(*_ Since the dawn of the Industrial Revolution, workers have lost their jobs to automation in the name productivity and efficiency.
But the pace of automation, 200 years later, is truly extraordinary. I was reminded about that last week as I went on my first overseas trip since the outbreak.
For the first time I didn’t see anyone to assist me at Los Angeles International Airport. I checked in at a self-serve kiosk and was unable to find anyone. In the past, someone has always been available to help the technologically impaired.
It was the first time that I hadn’t handed my boarding pass to someone as I boarded the plane. I simply scanned the document and went through an automated turnstile without anyone watching.
Upon my return from Frankfurt, Germany I printed my luggage tags and lifted my bag onto an unmanned conveyor belt. It was then security-checked by the machine, and sent on its journey. This is what the industry calls a “self-service bag drop solution.”
I can’t be sure, but based on what I’ve read, it’s possible that at both airports, my suitcase was conveyed to the plane not by workers but by robots. (Will that help reduce the number of bags delayed, damaged or lost each year — 24.8 million of them in 2018? )
After passing through passport control at LAX I stopped at another self-service kiosk. I was taken by the machine and my photo was used to identify me. The machine then allowed me entry into the country. “Biometric facial comparison technology” was used to identify me. It did not require fingerprints, passports or any other documents. At the end, I handed a piece of paper to a guy who barely looked at it, saying only, “Welcome home.”
(U.S. Customs and Border Protection says machine identification cuts the processing time of a typical Global Entry passenger by almost 90%, from 45 seconds to less than 6 seconds. That means I gained 39 extra seconds to help offset the agonizing 20 minutes or more of crawling through traffic to get out of LAX and onto city streets. I should probably have been disturbed at the creepy sci-fi horror of facial recognition. I could also have found myself exhilarated at the technological marvels of it all. Instead, I was amazed at how insignificant human workers are to this process.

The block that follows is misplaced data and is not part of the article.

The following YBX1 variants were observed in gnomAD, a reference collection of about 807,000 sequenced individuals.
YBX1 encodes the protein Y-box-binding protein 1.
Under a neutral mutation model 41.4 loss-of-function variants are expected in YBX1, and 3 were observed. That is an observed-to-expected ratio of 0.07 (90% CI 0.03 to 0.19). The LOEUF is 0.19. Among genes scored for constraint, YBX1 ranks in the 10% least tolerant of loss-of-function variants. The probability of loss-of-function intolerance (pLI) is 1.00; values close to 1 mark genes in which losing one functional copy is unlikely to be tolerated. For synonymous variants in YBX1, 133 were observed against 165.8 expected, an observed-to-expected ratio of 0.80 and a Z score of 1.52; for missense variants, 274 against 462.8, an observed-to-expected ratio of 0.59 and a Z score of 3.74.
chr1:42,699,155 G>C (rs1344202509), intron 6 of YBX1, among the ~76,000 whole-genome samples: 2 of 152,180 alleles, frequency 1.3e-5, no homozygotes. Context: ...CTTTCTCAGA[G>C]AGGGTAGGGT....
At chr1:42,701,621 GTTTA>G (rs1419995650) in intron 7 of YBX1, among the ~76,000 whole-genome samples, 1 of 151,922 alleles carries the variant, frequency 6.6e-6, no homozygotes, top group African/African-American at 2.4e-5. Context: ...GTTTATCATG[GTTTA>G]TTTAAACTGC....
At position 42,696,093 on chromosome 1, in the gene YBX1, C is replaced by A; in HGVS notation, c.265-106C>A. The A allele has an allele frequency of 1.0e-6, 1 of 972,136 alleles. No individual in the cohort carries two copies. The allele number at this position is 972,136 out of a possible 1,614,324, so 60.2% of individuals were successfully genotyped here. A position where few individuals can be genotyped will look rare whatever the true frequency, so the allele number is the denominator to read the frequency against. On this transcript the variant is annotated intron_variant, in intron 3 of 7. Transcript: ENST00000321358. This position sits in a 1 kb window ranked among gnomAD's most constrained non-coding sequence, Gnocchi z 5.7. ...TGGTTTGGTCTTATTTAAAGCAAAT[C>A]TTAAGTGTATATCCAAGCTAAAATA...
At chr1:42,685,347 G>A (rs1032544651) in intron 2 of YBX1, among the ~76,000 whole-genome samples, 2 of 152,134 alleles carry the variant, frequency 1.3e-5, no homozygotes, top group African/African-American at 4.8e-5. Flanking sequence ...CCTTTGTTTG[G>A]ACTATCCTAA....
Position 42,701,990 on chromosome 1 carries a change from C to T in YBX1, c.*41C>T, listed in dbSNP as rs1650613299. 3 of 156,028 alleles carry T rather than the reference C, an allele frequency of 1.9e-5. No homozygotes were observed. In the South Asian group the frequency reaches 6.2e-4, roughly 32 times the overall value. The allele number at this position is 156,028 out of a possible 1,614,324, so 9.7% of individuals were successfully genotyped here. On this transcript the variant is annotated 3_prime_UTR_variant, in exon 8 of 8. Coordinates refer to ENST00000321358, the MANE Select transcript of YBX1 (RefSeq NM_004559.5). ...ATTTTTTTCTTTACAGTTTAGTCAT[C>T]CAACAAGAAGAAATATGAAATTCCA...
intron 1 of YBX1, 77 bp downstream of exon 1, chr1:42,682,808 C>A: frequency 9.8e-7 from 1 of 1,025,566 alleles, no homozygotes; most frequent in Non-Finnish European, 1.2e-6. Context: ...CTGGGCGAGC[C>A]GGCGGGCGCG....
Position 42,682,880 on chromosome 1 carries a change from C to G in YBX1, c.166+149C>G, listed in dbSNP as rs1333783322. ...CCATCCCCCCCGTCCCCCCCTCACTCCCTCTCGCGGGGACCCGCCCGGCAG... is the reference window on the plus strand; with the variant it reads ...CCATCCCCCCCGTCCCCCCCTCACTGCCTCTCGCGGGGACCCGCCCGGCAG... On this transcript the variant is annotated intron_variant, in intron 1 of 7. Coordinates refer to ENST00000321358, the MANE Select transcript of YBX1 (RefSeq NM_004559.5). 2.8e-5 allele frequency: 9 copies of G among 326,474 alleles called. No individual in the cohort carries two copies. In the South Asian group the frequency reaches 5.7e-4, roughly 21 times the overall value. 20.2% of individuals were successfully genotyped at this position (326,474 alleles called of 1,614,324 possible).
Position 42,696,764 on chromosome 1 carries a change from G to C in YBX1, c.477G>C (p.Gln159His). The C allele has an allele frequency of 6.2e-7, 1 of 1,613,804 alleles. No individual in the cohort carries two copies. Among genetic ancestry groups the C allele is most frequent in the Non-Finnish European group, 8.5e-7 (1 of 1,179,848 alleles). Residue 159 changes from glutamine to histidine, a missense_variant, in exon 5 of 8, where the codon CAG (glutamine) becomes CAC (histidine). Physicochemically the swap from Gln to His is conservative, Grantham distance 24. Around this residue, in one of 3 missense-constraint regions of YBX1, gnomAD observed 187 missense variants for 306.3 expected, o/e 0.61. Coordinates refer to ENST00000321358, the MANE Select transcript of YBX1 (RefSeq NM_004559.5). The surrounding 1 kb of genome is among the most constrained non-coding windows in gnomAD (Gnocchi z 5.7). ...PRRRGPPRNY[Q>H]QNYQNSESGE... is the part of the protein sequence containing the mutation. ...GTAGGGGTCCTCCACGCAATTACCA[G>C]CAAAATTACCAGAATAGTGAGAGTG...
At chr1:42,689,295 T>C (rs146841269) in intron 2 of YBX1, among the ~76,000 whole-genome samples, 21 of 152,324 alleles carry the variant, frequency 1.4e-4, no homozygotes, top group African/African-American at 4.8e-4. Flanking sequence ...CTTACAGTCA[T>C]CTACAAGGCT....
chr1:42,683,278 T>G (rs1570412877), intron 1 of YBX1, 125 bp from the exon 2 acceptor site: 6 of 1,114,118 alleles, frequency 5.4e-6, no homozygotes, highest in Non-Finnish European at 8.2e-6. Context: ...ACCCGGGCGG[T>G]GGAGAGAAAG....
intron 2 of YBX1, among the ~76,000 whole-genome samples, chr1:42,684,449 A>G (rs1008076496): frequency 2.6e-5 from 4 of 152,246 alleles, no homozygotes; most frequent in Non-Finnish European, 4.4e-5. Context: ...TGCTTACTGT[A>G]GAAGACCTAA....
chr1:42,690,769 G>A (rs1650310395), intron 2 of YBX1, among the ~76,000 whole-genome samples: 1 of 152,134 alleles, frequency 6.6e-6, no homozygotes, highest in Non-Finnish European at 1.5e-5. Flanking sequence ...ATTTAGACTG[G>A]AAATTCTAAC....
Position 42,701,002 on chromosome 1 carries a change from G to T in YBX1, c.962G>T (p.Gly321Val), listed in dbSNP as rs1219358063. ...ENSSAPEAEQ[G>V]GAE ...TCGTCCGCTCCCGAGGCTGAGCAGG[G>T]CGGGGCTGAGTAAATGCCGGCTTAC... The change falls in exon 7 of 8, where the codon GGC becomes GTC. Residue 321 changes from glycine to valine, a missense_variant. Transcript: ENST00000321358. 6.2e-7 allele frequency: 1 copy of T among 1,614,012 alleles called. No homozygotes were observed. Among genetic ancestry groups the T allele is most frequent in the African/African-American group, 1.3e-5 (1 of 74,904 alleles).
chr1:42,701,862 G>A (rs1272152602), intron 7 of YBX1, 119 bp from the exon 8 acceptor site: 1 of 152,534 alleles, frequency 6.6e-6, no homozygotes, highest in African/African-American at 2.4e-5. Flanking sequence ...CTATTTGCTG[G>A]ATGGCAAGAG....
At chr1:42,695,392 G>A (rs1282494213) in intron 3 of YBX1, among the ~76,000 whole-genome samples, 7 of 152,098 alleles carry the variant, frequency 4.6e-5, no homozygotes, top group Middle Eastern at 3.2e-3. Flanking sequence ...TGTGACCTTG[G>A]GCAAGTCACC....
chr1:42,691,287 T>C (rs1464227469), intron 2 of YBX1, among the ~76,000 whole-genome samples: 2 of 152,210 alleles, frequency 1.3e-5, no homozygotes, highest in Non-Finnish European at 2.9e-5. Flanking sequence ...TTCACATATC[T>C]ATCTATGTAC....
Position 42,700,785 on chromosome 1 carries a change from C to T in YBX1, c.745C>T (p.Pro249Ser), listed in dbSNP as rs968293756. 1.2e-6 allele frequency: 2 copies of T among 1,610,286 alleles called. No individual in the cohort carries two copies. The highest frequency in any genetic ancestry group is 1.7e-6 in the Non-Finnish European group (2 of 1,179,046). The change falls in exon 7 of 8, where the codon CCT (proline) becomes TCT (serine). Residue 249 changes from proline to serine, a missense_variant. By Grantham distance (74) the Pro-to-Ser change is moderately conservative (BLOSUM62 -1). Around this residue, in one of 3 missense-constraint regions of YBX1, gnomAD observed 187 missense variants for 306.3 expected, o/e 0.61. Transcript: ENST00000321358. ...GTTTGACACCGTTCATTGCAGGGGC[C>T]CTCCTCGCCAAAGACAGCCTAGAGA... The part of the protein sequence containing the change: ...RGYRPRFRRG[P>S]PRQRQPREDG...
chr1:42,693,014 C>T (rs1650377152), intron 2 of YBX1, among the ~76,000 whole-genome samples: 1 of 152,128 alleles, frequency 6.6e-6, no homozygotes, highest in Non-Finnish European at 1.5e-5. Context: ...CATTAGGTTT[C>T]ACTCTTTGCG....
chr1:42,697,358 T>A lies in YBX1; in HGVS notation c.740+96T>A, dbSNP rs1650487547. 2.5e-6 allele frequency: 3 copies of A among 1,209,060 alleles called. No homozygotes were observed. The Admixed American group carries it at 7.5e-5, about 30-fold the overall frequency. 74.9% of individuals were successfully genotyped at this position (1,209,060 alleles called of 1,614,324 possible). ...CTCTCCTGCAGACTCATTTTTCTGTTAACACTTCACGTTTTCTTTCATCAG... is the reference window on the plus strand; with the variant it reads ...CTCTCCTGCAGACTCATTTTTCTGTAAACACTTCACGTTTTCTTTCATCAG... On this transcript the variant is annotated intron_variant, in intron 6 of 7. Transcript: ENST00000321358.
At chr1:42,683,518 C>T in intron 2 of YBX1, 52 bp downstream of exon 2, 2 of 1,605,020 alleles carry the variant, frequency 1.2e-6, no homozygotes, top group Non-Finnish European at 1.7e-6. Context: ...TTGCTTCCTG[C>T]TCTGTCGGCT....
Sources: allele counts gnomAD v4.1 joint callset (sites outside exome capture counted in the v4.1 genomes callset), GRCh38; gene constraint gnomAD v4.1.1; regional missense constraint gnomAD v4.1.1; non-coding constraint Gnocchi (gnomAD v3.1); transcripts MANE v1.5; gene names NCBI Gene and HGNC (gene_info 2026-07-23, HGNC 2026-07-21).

Outside of the terminal, passengers called Ubers for help without taxi dispatchers and were then met by cars we know will soon drive ourselves. With the automated gates, ticket-dispensing machines and free-standing pay stations, workers are hard to find in parking garages.
How long will it be before pilots are replaced with robots that can fly planes safer?
This is the world that we live in. It’s not new or inherently bad. Artificial intelligence, robotics, and computing have made incredible advances that no one would deny. While automation is clearly beneficial for corporations, and it is likely to be good for consumers as well, what does this mean for baggage handlers? Officials at
LAX insist that automation doesn’t necessarily mean less jobs. Often, new jobs are created. For travelers, however, the new mantra is “Do the work yourself”. According to one industry consulting firm, the new technologies allow passengers to take care of most aspects of the administration. This reduces the need for human labor in traditional positions. The country and the world are clearly heading for an extraordinary wave in robotization and automation, not only in travel. In February, the McKinsey Global Institute predicted that 45 million U.S. workers would lose their jobs to automation by 2030. The transformation was accelerated by the pandemic.
McKinsey had earlier concluded that as many as half the jobs people do in the world could theoretically be automated — including not just low-pay, relatively unskilled jobs but also many high-skilled white-collar jobs.
The optimistic view is that technology can reduce labor costs and time, increase safety, efficiency and customer benefits, as well as spurring growth and creating more, better jobs. Some jobs are lost forever, but there is some short-term displacement. Economists claim that the losses have been offset over time.
A 2020 report by MIT’s “Task Force on the Future of Work,” for instance, notes that 60% of all jobs done in 2018 hadn’t yet been invented in 1940. While there were blacksmiths back in the day, their jobs were clearly rendered obsolete by technology. However, no one was able to repair TVs or install solar panels — nor were they airline pilots.
But, some are concerned that the disruption caused this time by automation will be more severe and disruptive.
McKinsey concluded, however, that while the number of jobs will increase rather than decrease in total, this won’t necessarily ensure that low-skilled workers are protected. It will be a difficult and challenging transition.
MIT reported that the United States has not been able to mitigate the effects of technological change on workers, unlike Sweden, Germany, and Canada. Workers are less protected because of weaker unions. The country has not redressed job losses and underfunded retraining programs. Others have stronger social safety nets.
MIT concluded it was necessary to “harvest” the benefits of automation in order to provide opportunity and economic security for workers through broadly shared gains. This seems obvious, but it is something corporations and policymakers might overlook as they rush to retool.
Ask baggage handlers if they are concerned, if possible.